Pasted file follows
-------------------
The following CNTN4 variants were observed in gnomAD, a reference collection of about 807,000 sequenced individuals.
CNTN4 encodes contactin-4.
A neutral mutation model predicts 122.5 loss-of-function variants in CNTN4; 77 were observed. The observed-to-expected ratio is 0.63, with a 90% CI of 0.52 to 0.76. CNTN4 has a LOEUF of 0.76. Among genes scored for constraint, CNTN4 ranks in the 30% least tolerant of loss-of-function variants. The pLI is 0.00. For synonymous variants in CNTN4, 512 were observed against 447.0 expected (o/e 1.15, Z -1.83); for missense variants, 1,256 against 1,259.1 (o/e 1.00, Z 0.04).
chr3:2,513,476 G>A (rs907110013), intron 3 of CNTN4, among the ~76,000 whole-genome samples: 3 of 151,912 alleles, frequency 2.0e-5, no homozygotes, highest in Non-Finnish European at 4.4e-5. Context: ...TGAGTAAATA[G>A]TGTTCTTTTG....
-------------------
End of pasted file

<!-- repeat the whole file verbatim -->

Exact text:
The following CNTN4 variants were observed in gnomAD, a reference collection of about 807,000 sequenced individuals.
CNTN4 encodes contactin-4.
A neutral mutation model predicts 122.5 loss-of-function variants in CNTN4; 77 were observed. The observed-to-expected ratio is 0.63, with a 90% CI of 0.52 to 0.76. CNTN4 has a LOEUF of 0.76. Among genes scored for constraint, CNTN4 ranks in the 30% least tolerant of loss-of-function variants. The pLI is 0.00. For synonymous variants in CNTN4, 512 were observed against 447.0 expected (o/e 1.15, Z -1.83); for missense variants, 1,256 against 1,259.1 (o/e 1.00, Z 0.04).
chr3:2,513,476 G>A (rs907110013), intron 3 of CNTN4, among the ~76,000 whole-genome samples: 3 of 151,912 alleles, frequency 2.0e-5, no homozygotes, highest in Non-Finnish European at 4.4e-5. Context: ...TGAGTAAATA[G>A]TGTTCTTTTG....